John F. Zimmerman was in early Danville newspaper business
Published 1:39 am Saturday, November 4, 2017
Editor’s note: Information for this story was taken from The Advocate-Messenger Archives, Ancestry.com, and court records.
John Frederick Zimmerman, “who learned the Art of Preservative of all Arts” while in the newspaper business, began setting type on a soap box in the late 1860s.
Zimmerman and James J. Barbee began the Kentucky Tribune after the Clarion newspaper in Danville was sold in 1843. They renamed the newspaper and it was published until 1887, when it ceased to exist. It changed names a few times and later became The Kentucky Advocate.
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Zimmerman was editor of the Kentucky Tribune.
He first served as an apprenticeship at the printing business in Lexington and became an expert in the “art preservative,” according to an article in The Advocate.
Prior to coming to Danville, Zimmerman worked in publishing businesses Lexington and Winchester. His oldest son, James F., was editor of the Tribune for many years. After James died in 1862, he sold the newspaper and moved to Lexington.
The elder Zimmerman did not retire, he became a printer. He was a trusted proof reader on the Apostolic Times in Lexington. Later, he returned to Danville when the Danville Tribune was revived.
He remained here until his death.
Letter describes the editor
A letter to the editor in Kentucky Advocate dated Jan. 12, 1915, stated:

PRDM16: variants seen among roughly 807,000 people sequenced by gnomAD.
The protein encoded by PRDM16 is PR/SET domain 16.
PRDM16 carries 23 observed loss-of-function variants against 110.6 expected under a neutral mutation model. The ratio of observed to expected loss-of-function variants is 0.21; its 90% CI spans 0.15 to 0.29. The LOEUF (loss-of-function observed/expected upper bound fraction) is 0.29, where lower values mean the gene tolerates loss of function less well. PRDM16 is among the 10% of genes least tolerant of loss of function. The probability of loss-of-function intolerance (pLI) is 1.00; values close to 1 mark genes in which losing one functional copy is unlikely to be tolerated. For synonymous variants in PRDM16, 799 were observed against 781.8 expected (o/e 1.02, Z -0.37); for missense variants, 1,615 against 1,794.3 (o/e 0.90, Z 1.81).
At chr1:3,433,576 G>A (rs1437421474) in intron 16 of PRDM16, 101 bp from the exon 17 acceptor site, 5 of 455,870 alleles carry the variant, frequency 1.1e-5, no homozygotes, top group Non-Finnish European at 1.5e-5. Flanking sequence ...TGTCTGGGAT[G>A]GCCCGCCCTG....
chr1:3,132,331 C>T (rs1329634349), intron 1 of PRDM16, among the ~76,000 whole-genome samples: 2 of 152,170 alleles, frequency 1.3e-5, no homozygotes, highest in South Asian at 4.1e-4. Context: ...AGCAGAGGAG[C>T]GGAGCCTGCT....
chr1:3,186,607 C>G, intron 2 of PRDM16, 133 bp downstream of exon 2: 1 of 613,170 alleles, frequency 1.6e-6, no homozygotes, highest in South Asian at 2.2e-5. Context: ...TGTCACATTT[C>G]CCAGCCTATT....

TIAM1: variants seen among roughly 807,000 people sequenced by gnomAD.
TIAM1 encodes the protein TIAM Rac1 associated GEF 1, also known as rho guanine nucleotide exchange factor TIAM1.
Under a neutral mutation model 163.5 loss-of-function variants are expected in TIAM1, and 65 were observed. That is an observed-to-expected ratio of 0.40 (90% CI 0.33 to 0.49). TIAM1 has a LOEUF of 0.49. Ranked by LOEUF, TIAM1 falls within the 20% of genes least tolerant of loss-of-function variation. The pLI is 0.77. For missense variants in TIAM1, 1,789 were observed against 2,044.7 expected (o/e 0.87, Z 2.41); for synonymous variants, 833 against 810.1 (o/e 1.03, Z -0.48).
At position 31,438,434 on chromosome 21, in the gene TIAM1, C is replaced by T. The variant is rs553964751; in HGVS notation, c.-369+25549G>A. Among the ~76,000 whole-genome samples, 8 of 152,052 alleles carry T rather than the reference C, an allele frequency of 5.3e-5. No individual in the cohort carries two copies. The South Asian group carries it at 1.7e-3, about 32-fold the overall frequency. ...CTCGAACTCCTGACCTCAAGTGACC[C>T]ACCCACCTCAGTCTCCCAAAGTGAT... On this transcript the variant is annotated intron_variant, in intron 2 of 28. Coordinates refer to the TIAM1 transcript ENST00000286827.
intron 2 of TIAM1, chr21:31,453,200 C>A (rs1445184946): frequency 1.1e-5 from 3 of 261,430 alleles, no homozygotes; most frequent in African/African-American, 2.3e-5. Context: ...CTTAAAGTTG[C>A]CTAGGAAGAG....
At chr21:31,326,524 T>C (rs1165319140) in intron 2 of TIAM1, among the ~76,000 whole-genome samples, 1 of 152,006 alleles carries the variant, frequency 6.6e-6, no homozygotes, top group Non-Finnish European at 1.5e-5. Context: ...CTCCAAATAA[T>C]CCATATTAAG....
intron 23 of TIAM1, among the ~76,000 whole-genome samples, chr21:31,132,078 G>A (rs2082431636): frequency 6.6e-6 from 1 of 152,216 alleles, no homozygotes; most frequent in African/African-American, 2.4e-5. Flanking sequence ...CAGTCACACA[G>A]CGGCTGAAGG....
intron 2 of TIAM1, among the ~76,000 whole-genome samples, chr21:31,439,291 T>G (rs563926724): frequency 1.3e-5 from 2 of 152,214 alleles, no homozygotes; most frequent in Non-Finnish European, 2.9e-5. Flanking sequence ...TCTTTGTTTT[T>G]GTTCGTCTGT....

“John founded and edited the weekly Tribune. He was a versatile writer and also a practical printer and most agreeable man personally. Everyone loved him for his cheerful disposition and consistent Christian life. He left behind a spotless reputation and memory.”
A copy of the Tribune dated March 28, 1828, was found in 1928 by a local post office inspector. The newspaper was in good condition for being 72 years old.
It was published weekly in an office on North Third Street by John F. Zimmerman & Son for $2 per year.
The Tribune carried the following announcement of the editor’s second marriage in 1856:
“Our senior is absent from home on an excursion the nature of which will be explained by reference to our Matrimonial head:
Zimmerman and Martha E. Hope were married February 11, 1856, at the residence of W. W. Batterton by the Rev. J.H. Linn.
The bride, daughter of the late Michael Hope of Danville, is known as “Miss Pattie.”
His first wife, Louisa Chambers Finnell of Georgetown, died in 1855. They reportedly had nine children.
Native of Georgetown
A native of Georgetown, Zimmerman was born Dec. 21, 1807, and the eldest son of nine children.
He was a son of Frederick John and Mary “Polly” Hagart (Haggard), Zimmerman, according to Ancestry.com.
His ancestors go back to John Zimmerman (1727-1799) and his wife, Anna C., (1773-1798) who were born in Rhineland, Switzerland, and died in the Shenandoah, Virginia.
The 1860 Boyle County Census, lists John, 72, with his wife, Martha E., 59, and Lucy, 21, a granddaughter. He was an editor.
John, 52, was listed in 1880 Census as a self printer and publisher. Also listed are his wife Martha, 30; and Ben T., 16, a printer; David, 14; Eliza F., 12; Cattie Zimmerman, 9; and Ellen Verbryke, 35, a seamstress.
John was a member of the Methodist Episcopal Church, and a Mason.
He died October 13, 1885, in Danville at the age of 77 years.
Martha died March 28, 1905, at the home of a grandson, William Zimmerman, in Danville . She was 84. A Methodist for 70 years, she was survived by a brother, Mike Hope of Laurel County, according to the Advocate.